Concentrates supplier Plastimin LLC has found fertile soil for bioplastic-based compounds.
Early next year, Carrollton, Texas-based Plastimin will add compounds based on Mirel-brand bioplastic to a lineup that already includes compounds based on BASF Corp.'s Ecoflex and NatureWorks LLC's bioplastics. Mirel is produced by Metabolix Inc., which has worked with Plastimin and Heritage Plastics Inc. to create bioplastic-based concentrates for film applications.
Plastimin distributes those and other materials for concentrates maker Heritage Plastics of Picayune, Miss. Heritage and Carrollton-based bag extruder Heritage Bag Co. both are owned by Carl Allen and his son, Carl Allen Jr. The Allens also own a minority stake in Plastimin.
Using bioplastic-based compounds is a way to save money and the environment, Plastimin President Frank Ruiz said in a recent telephone interview.
Instead of finished products going into a landfill, they can go into a compost, he added.
Under typical conditions, products made with the bioplastic compounds sold by Plastimin will dissolve within 60 days. Under certain conditions, that time span can be decreased to 45 days, the company claims.
Plastimin opened its doors in 2005 as a minority business led by Ruiz, who is of Puerto Rican descent. Ruiz owns a majority stake in Plastimin and remains a technical consultant for both Heritage Plastics and Heritage Bag, which he joined in 1986. Plastimin employs five and expects to finish 2009 with sales of $20 million.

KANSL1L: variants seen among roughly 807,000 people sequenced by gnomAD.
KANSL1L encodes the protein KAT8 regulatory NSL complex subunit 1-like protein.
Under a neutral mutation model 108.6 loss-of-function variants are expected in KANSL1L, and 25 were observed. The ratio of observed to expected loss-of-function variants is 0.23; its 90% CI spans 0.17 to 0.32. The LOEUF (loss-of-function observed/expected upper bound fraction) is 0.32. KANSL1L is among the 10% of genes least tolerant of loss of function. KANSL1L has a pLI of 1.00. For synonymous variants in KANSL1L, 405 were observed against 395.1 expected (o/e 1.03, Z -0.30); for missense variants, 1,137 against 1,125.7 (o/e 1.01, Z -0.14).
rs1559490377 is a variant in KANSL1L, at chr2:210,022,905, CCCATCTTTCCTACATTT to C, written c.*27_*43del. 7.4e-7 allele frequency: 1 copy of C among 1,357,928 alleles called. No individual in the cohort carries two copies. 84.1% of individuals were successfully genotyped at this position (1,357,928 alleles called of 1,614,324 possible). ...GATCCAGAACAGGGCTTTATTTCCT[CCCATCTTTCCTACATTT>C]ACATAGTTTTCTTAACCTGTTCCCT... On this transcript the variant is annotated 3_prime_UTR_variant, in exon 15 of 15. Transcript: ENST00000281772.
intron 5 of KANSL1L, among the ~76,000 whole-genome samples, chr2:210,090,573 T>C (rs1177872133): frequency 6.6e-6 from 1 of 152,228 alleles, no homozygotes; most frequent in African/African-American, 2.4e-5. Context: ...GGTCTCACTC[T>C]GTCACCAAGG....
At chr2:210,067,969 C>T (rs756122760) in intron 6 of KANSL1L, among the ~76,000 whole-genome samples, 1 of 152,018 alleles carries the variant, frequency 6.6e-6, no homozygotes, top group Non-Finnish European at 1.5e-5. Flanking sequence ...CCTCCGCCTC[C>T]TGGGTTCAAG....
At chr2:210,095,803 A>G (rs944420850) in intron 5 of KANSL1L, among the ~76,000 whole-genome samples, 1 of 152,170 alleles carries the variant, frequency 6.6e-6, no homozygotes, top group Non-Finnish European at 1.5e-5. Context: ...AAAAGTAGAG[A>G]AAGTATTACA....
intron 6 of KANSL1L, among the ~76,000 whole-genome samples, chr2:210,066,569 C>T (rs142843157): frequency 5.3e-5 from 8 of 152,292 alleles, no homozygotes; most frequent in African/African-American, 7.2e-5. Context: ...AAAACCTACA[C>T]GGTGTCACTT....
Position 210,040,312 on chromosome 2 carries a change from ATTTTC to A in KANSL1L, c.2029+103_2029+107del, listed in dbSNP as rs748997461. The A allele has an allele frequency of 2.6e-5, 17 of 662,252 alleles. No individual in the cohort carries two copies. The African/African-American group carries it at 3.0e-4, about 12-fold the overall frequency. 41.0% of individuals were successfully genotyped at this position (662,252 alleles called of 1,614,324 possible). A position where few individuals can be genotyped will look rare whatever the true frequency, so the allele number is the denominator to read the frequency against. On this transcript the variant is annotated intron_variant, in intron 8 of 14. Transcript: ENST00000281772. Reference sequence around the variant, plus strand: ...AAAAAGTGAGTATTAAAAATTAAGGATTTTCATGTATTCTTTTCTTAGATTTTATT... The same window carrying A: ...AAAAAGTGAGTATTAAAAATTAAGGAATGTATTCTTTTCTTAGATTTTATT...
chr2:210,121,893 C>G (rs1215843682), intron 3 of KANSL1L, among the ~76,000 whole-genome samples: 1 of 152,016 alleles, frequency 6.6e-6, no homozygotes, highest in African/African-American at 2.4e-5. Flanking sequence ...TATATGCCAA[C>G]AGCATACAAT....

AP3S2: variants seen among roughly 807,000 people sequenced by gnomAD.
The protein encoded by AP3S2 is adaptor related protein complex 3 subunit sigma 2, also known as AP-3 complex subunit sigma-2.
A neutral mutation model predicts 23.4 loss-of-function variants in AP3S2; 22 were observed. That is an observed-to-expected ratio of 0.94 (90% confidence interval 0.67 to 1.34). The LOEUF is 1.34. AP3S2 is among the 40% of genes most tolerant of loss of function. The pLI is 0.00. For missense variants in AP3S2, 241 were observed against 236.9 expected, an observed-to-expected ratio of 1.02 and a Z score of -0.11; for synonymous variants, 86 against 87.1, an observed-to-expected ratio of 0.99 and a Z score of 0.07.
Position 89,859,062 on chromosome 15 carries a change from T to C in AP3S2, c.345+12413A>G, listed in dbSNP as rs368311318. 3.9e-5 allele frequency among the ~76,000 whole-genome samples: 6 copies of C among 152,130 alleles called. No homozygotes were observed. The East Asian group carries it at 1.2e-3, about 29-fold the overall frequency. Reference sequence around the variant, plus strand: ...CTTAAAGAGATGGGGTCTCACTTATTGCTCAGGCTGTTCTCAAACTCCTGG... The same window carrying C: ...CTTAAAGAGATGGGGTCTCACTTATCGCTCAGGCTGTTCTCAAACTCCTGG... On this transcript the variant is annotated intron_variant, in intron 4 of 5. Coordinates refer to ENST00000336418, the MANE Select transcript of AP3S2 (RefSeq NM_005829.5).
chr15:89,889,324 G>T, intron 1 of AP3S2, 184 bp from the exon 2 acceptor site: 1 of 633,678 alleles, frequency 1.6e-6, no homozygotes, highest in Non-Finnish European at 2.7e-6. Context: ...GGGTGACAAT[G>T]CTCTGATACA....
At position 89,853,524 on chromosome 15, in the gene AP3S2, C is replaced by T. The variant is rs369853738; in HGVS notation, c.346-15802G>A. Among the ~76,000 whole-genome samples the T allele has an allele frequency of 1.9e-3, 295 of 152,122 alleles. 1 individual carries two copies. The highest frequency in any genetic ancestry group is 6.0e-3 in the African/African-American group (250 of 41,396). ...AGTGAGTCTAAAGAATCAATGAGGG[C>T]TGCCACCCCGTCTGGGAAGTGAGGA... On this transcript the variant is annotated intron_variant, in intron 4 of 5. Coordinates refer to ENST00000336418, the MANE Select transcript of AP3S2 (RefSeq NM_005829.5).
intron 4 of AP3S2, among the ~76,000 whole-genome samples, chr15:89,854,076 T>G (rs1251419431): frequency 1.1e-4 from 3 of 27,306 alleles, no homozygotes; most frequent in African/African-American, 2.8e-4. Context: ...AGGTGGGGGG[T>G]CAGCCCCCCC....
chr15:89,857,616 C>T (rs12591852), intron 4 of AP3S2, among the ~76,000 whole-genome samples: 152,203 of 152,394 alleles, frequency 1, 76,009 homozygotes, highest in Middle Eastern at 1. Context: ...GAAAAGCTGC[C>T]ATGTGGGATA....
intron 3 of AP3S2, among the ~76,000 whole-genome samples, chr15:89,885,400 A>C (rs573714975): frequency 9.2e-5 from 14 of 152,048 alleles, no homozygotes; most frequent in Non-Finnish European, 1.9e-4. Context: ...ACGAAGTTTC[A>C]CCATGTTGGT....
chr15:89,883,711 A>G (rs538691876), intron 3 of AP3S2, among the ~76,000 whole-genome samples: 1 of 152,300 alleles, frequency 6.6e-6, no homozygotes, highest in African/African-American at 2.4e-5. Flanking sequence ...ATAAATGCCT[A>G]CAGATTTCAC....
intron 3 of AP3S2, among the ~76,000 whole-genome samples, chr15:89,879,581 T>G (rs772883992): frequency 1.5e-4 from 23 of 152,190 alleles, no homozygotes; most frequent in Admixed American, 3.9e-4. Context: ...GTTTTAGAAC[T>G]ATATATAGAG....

Plastimin focuses its marketing efforts on companies looking to do business with minority suppliers. Although most of its work is in distribution, Plastimin does operate a single extrusion line making calcium carbonate concentrates at a Heritage plant in Picayune.
In 2009, Plastimin generated about 10 percent of its sales from biodegradable products. Ruiz said that amount is expected to increase in 2010.
The best thing to drive acceptance of green products is economics, especially in areas like New England where there are high tipping fees [for waste removal], he explained. Availability of composting can save money, especially for businesses like grocery stores that have very thin profit margins.
In the last five years, the whole game has changed for green products, Ruiz added. People either became desperate or were willing to change. We've found a lot less reluctance to use these products in the film market. But some people are still concerned about market position and are afraid to change until there's price pressure.
Sales of standard calcium carbonate concentrates also are increasing, leading Heritage Plastics to add a new continuous mixing line at its pant in Sylacauga, Ala., earlier this year.
The concentrates typically are added to polyethylene, polypropylene or other resins at levels between 10 percent and 30 percent, allowing customers to manufacture stronger products faster and at a lower cost, according to the company.
Plastimin is looking to add two employees in the near future. Plastimin and Heritage each are continuing to spend on research and development activities so that we're ready when the economy turns around, Ruiz said.
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